Are You Ready to Organize Your Junk Drawer?
The term ILM still causes people to cringe when hearing that term. Dataglobal is showing some guts by re-introducing the need for information life cycle management into the contemporary storage discussion.
Recently, I spent a couple of hours interviewing representatives of dataglobal, a successful German data management software firm now entering the U.S. market. Taking a close look at their product seemed like the right thing to do given that other media outlets appeared to have written their stories directly from the company's press release. In fact, most press coverage seemed to create, rather than dispel, confusion about the actual problem that Dataglobal addressed and whether the firm was selling storage management, data management, archiving, or something else. If for no other reason than to get some clarification, I decided to give the company a call and find out what they were really up to.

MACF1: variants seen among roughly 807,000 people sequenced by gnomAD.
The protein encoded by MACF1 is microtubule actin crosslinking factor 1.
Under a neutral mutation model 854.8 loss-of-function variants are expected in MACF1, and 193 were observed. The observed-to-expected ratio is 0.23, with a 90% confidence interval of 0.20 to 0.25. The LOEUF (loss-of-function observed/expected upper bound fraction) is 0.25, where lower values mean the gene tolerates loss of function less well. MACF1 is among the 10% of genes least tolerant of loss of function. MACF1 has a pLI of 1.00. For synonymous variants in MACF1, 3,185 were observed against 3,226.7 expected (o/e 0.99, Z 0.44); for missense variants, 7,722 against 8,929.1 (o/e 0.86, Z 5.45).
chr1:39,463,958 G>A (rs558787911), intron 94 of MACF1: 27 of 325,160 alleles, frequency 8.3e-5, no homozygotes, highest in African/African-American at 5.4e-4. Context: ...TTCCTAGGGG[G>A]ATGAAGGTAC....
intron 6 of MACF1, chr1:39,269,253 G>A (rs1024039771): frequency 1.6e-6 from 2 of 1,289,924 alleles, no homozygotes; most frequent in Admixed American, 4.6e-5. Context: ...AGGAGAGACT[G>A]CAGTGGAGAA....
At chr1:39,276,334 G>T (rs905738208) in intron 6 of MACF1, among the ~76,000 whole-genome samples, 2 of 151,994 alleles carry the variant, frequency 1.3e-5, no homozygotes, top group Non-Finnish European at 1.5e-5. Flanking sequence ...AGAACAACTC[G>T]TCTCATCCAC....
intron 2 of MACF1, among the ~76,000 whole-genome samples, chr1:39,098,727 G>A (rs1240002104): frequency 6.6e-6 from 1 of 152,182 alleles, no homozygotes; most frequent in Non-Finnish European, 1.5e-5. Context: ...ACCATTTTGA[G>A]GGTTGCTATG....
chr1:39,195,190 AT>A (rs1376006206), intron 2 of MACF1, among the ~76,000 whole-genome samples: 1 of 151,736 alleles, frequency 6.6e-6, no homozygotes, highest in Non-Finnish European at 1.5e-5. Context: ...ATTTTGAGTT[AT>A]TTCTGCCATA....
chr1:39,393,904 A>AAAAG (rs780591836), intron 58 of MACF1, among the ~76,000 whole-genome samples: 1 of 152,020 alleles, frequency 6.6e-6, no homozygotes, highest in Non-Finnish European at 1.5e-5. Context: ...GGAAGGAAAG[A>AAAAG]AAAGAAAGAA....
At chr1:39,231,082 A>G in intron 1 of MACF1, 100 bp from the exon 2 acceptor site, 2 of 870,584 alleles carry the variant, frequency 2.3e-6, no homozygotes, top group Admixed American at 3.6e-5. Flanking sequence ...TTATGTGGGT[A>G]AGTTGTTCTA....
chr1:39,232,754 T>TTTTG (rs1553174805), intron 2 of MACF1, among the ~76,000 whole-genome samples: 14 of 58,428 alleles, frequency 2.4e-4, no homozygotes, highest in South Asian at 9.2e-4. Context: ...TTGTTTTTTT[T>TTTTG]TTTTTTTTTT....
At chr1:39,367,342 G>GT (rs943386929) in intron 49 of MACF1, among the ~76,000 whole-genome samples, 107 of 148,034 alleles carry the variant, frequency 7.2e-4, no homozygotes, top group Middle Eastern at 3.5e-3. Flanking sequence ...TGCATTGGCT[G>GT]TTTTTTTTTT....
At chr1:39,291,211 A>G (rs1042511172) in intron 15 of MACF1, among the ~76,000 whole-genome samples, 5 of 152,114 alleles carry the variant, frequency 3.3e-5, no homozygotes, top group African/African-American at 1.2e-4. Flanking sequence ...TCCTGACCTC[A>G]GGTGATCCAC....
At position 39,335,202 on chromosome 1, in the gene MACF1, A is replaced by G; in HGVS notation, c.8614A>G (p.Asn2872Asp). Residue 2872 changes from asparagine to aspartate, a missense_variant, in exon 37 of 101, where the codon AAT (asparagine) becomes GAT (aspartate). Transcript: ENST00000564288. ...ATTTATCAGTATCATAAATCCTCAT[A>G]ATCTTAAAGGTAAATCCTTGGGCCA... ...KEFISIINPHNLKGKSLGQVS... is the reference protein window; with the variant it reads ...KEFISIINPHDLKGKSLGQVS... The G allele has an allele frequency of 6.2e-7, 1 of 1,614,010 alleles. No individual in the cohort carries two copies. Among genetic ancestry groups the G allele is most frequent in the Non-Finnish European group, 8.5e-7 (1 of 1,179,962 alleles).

First things first: Dataglobal is a data center software vendor. They have written, or added via their acquisition of Inboxx (an archiving software firm and partner of several years) a number of applications that now link under a centralized Control Center to provide what they describe as a unified storage and information management (USIM) platform.
In operation, the core of the USIM platform is a Java Platform Enterprise Edition (J2EE) server installed to manage agents that run on a broad range of hosts and that, in turn, provide a range of services including archiving, storage resource management, and, in the words of Dataglobal, information life cycle management (ILM).
Yes, you read correctly. Dataglobal is actually planning to market a solution in the U.S. that they term "ILM." Like many readers of this column, I still cringe when I hear that expression, especially recalling the extraordinary blowback that accrued to EMC's failed efforts to market "ILM solutions" a decade ago. That said, I had to learn more about Dataglobal to discover whether something had been lost in German-to-English translation.